Will Oracle support ask you if you are virtualized? You bet. Absolutely. And they should. You have an issue which is intimately associated with the I/O layer of the operating system. This is actually not a database issue at all. It is an I/O subsystem issue. Virtualization may very well be your problem. You should probably call VMware support right now. In fact, I would suspect that if you ran the fdisk -l command from your Linux terminal session, you would see something very similar.
Resolving this issue will require you to interact with VMware as well as Oracle. The point is that in the range of issues, there are those which Oracle can resolve without any interaction with the OS layer, and others where the OS layer is very much an part of the resolution. In this range, the Oracle support statement really says that everyone will do the right thing. Certainly, that is the practical reality.
Now, let's deal with the issue of RAC. Oracle's final statement in the support statement covers this:
NOTE: Oracle has not certified any of its products on VMWare, and use of Oracle products in the RAC environment is also not supported.
The first part of the statement is simply a rehashing of the initial, misleading statement. I suspect that the second part of the statement is a typo and should actually read:
...use of VMware products in the RAC environment is also not supported.
Use of Oracle products in the RAC environment is obviously supported. In any event, in a RAC context, Oracle does have a certified hardware compatibility program, and VMware is not on it. Since VMware software is effectively kryptonite around Oracle (for reasons which I will cover shortly), this is inevitable at this point. I will say that there is no technical reason why VMware virtualization of RAC database servers could not be supported. Certainly, it works.
Now, as to the why. That has to do with Oracle's agenda around the issues of virtualization, licensing and HA.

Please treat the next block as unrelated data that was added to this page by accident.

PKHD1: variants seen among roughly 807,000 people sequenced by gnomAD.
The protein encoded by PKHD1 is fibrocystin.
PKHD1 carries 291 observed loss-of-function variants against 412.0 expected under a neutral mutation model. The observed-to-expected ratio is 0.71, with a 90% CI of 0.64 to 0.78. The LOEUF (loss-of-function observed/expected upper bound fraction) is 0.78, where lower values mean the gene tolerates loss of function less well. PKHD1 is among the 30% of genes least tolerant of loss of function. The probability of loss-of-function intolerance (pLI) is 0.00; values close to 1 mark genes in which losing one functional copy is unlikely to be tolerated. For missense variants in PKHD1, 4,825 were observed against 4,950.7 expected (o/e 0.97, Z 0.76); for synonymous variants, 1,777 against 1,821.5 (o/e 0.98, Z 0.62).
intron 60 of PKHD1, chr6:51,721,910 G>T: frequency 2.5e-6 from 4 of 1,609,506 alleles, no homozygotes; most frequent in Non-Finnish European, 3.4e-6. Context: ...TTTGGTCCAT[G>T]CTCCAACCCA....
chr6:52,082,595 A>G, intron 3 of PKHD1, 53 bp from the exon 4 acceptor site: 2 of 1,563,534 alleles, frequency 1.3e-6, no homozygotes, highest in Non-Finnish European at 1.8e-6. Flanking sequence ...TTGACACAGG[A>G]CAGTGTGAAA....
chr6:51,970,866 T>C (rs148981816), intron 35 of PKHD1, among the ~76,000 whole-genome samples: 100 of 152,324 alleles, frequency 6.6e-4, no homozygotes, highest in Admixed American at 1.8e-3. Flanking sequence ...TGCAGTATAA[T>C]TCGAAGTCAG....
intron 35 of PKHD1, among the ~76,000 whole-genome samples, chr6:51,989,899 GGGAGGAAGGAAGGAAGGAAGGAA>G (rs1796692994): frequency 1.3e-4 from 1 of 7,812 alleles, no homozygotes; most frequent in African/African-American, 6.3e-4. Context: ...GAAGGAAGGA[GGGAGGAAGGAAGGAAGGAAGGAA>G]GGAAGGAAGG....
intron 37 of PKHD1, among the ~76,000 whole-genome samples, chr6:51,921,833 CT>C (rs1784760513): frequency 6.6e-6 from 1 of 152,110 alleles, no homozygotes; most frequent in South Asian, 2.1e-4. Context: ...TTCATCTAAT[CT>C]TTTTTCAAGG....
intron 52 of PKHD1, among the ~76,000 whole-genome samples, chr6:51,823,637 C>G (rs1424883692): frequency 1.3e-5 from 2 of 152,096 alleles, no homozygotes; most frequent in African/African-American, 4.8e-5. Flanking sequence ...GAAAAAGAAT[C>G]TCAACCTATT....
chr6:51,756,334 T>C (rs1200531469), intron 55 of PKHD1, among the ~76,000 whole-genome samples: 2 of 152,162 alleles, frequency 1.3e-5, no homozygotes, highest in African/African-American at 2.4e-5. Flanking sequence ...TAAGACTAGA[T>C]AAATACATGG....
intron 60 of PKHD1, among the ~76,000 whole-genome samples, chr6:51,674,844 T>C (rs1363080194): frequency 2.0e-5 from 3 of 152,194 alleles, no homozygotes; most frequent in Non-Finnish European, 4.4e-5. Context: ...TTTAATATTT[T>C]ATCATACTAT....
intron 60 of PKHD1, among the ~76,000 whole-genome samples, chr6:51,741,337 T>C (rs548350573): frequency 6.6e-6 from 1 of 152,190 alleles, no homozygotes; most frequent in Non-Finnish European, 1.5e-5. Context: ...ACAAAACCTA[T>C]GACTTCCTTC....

Taking the virtualization piece first, Oracle wants to own the entire stack. They have made that abundantly clear in many other areas, including the following:
- Elimination of Veritas by destroying Veritas Cluster as a viable product (replaced with CRS), and the same for Veritas File System (replaced by ASM)
- Elimination of Sun by adopting Linux as a low-cost alternative to Solaris. (Ironically, Sun has now been acquired by the company primarily responsible for its downfall, a subject of another future blog post.)
- Attempted elimination of Red Hat by subsuming Red Hat Linux under Oracle Enterprise Linux. (Admittedly, this one has been of dubious success so far. But stay tuned.)
- Challenge to EMC and NetApp in the area of storage using the Oracle Exadata Storage array (also the subject of a future blog post).
I think you get the idea. Virtualization is a critical control point in the stack. Ceding leadership to VMware in this area allows another giant software company to challenge Oracle's domination in the data center. That cannot be allowed.
Licensing is another thorny issue. VMware will tend to improve CPU utilization and efficiency on Oracle database servers. All of that costs Oracle money in license revenue. Which is to say, saves the customer money on Oracle license costs. This is obviously beneficial to the customer, and detrimental to Oracle.
Finally, by allowing VMware HA cluster to protect Oracle database servers, Oracle would be allowing another HA solution as an alternative to RAC. RAC is Oracle's crown jewel in terms of licensing revenues. RAC is one of the two major reasons why customers choose to run Enterprise Edition at 4X the cost of Standard Edition (the other being Data Guard). Plus, you pay the RAC upcharge. Don't get me wrong. I run RAC in the lab, and EMC will continue to be a strong supporter of it. For many applications, RAC is absolutely required. For many others, it's total overkill, the software equivalent of swatting a fly with a nuclear bomb. VMware HA cluster could provide an acceptable level of HA to those customers at a fraction of the cost of RAC. But, again, that costs Oracle license revenue. Beneficial to the customer but detrimental to Oracle.
The bottom line is that the reasons for Oracle's statement concerning VMware support are political and not technical. And definitely not altruistic. VMware virtualization of Oracle database servers provides many significant advantages to the customer in many environments. Certainly, VMware is far more mature and robust than OVM. (I will cover OVM in a future post on this blog.) VMware is the vast market leader in the hypervisor space. Significant cost and manageability savings can be achieved by virtualizing Oracle database servers with VMware. Despite this, Oracle has chosen to issue an essentially misleading support statement on VMware virtualization, and has taken the position in numerous sales calls that VMware virtualization of Oracle database servers is unsupported and dangerous.
This does nothing to serve the customer. It serves Oracle corporation, and its political agenda. In my view, customers who wish to pursue virtualization of Oracle database servers should do so. I will certainly continue to post on this subject.
Come on Oracle: Get with it. Embrace VMware. EMC and VMware embrace Oracle. Are you an Oracle customer using VMware? What are your thoughts?
Posted by the Oracle Storage Guy April 23, 2009.